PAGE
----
Circa AD 84
Battle of Mons Graupius
Publius Tacitus, the historian of the Roman Empire, recorded that
Gnaeus Julius Agricola, when Governor of Britain, marched on and
defeated a great force of Caledonians in an as yet unidentified
location between Strathmore and Moray. The Romans, with 8,000 infantry
and 3,000 cavalry, were allegedly greatly outnumbered, the strength of
the Caledonians being estimated at 30,000. After this event
it was claimed that Agricola had finally succeeded in subduing the
tribes of Britain.
Circa 603 Battle
Such information as exists comes from the chronicles of the Venerable
Bede, a Northumbrian monk who lived at the start of the 7th century.
The location of this battle is thought to have been in Liddesdale. The
Venerable Bede tells us that King Aidan of Dalriada was defeated by
Ethelfrith of Bernicia, King of Angles, and almost all of the Gaels
taking part in the action were killed.
Kirkyard 8th century Pictish stone, depicting the nearby Battle of
20th May 685 Battle
of Nechtansmere (or Dunnichen)
Near Forfar, in Angus, King Brude of the Picts defeated Angles under
Egfrith, King of Northumbria.
In today's East Lothian, Angus (or Oengus) King of Picts is said to
have won a great battle against Athelstane, King of
Northumbria. Tradition has it that on the eve of the battle,
King Angus prayed to Saint Andrew, Patron Saint of Scotland, and, the
following morning, a cross of white cloud against a blue sky was seen.
According to Walter Bower, a Scots Augustinian monk
(1385-1449), King Athelstane fled from the battlefield, but was killed
close to today's village of Athelstaneford, where now stands the
Scottish Flag Heritage Centre. Legend also has it that he was
decapitated and his head placed on a pole on an island in the Firth of
Forth. However, a major dilemma exists concerning Bower's account in
King Athelstane is also on record as having existed at the end of the
following century, and that he won a great battle against the Scots
under their King Constantine at Brunanburh (see below).
This King Athelstane, a grandson of Alfred the Great, was allegedly the
first King of all England. In 937, King Constantine II of
Alba invaded England with Welsh and Danish support and, according to
the Annals of Ulster, was conclusively defeated. The exact location of
the battle is unknown but it is thought to have been on Merseyside.
Circa 1018 Battle
(sometimes known as
Battle of Coldstream
This battle was fought at Carham-on-Tweed in England between the Scots,
led my Malcolm II and Owen of Strathclyde, against the Northumbrian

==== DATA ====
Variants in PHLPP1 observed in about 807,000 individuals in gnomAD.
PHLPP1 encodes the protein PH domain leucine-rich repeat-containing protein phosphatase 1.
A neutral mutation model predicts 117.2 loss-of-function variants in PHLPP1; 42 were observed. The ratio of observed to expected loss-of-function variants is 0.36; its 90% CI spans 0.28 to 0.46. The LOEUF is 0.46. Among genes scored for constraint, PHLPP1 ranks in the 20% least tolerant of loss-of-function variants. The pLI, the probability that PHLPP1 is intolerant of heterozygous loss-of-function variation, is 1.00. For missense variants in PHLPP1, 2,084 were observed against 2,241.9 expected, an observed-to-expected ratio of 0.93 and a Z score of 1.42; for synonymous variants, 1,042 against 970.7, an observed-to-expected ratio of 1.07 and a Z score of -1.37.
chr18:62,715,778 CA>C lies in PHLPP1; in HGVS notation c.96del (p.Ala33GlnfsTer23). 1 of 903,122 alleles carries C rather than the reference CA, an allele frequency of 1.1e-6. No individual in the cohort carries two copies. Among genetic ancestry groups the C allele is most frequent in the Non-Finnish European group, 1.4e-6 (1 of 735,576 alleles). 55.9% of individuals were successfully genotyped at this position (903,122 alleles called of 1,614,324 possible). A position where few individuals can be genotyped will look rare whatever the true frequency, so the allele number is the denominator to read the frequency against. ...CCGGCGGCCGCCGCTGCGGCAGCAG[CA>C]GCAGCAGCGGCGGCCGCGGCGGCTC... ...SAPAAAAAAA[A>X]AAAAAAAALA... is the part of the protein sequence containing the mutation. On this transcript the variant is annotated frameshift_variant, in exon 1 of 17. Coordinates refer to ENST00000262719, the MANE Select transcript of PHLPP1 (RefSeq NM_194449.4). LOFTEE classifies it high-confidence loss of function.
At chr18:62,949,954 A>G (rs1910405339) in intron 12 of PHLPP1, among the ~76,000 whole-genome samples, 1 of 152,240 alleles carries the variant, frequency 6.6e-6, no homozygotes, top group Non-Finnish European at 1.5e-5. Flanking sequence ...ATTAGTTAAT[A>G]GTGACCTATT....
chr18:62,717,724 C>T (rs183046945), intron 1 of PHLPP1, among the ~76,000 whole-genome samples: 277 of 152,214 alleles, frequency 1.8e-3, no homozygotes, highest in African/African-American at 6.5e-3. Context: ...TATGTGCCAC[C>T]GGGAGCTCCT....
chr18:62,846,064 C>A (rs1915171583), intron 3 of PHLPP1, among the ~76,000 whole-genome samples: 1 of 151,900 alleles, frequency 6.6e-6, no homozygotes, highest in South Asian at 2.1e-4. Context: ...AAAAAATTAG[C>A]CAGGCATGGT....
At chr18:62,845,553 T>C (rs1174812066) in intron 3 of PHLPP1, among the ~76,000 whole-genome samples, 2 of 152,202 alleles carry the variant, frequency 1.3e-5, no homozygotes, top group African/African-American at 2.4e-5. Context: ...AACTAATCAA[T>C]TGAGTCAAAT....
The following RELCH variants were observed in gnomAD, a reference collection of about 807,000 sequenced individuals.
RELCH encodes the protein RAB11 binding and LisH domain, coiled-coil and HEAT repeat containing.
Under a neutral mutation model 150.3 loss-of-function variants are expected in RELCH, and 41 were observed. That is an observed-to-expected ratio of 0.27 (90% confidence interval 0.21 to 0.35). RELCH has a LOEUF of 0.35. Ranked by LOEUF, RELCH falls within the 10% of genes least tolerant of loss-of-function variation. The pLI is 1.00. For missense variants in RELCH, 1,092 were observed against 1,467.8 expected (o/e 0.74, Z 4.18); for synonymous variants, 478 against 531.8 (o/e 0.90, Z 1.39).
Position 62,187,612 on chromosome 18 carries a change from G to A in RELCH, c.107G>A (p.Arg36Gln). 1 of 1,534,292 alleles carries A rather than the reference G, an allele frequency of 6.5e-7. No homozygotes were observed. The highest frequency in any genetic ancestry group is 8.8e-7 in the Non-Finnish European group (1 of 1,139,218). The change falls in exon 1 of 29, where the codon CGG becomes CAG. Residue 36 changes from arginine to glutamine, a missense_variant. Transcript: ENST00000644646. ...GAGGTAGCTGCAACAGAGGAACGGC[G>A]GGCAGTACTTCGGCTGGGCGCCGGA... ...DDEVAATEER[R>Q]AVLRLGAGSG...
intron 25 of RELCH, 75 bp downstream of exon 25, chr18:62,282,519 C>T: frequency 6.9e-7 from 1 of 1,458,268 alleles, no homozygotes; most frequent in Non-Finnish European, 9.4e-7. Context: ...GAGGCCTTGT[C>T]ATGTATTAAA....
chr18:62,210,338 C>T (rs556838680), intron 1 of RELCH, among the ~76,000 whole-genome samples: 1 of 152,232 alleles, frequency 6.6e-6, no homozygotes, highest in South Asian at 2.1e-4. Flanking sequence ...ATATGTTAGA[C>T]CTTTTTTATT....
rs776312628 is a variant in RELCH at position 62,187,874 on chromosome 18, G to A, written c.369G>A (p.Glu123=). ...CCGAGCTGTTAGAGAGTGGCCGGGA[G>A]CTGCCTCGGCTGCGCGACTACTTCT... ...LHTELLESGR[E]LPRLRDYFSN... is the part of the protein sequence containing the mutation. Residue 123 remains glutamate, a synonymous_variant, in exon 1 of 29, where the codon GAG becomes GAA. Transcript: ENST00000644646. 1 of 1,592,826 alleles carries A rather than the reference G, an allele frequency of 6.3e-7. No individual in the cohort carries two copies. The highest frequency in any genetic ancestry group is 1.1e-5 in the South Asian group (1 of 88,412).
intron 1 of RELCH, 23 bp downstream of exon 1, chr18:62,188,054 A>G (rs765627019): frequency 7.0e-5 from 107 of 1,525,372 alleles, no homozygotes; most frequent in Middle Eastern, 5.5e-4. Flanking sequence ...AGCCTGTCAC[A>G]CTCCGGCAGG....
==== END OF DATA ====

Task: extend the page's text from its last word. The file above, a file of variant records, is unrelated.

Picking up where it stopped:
army. The ensuing Scottish victory established Scotland's possession of
Circa 1040 Battle
Writing in the 16th century, John Bellenden (or Ballantyne), Archdeacon
of Moray and Canon of Ross, makes mention of a Scandinavian
invasion being repelled by Macbeth in the vicinity of Kinghorn in Fife,
but detail and confirmation are illusive.
15th August 1057 Battle of Lumphanan
This was the confrontation in Aberdeenshire where Macbeth was killed by
Malcolm Canmore with the support of the Saxon King Edward the
Confessor. Canmore was determined to avenge his father, Duncan I, who
had been killed by his own men led by Macbeth in 1040. In William
Shakespeare's politically expedient version of the story, the battle
takes place at Dunsinane, north of Perth.
17th March 1058 Battle
Having ruled as King of Scots for just over six months, the 25-year old
Lulach, Macbeth's stepson, was killed by Malcolm III in a confrontation
22nd August 1138 Battle of the Standard
called Battle of
In support of his niece, Matilda, who claimed the English throne in
opposition to the incumbent King Stephen (who was married to another of
his nieces), David I of Scotland marched an army to Cowton Moor in
Yorkshire and was heavily defeated. King David and his surviving force
fell back to Carlisle where they re-grouped and a truce signed within a
2nd October 1263 Battle of Largs
The most significant event of the Scottish Norwegian wars of the 13th
century. The Norwegian army was led by King Haakon, and the Scots by
Alexander III. The Inner and Outer Hebrides, Kintyre, and the Isle of
Man, had paid homage to the Kings of Norway since around
1110. When news reached Haakon that the Scottish king was
planning to seize his territorial possessions, he set
off with a mighty fleet of ships and joined forces with King
Dougal of the Hebrides and King Magnus III of Man.
Having raided the coastline, however, Haakon moved south to the Firth
of Clyde on the West Ayrshire coast where he was attacked by a large
Scottish force, estimated at around 8,000 men. Although claimed as a
Scottish victory, the ensuing skirmish simply culminated in both sides
retreating. Winter was approaching, and Haakon sailed to
Orkney, planning to return in the following year, but he fell ill and
died on 15th December. Two years later, King Alexander successfully
invaded the Hebrides and negotiated with Haakon's successor, King
Magnus. Under the Treaty of Perth in 1266, Scottish
sovereignty was purchased in return for 4000 marks and an annual
payment of 100 marks in perpetuity.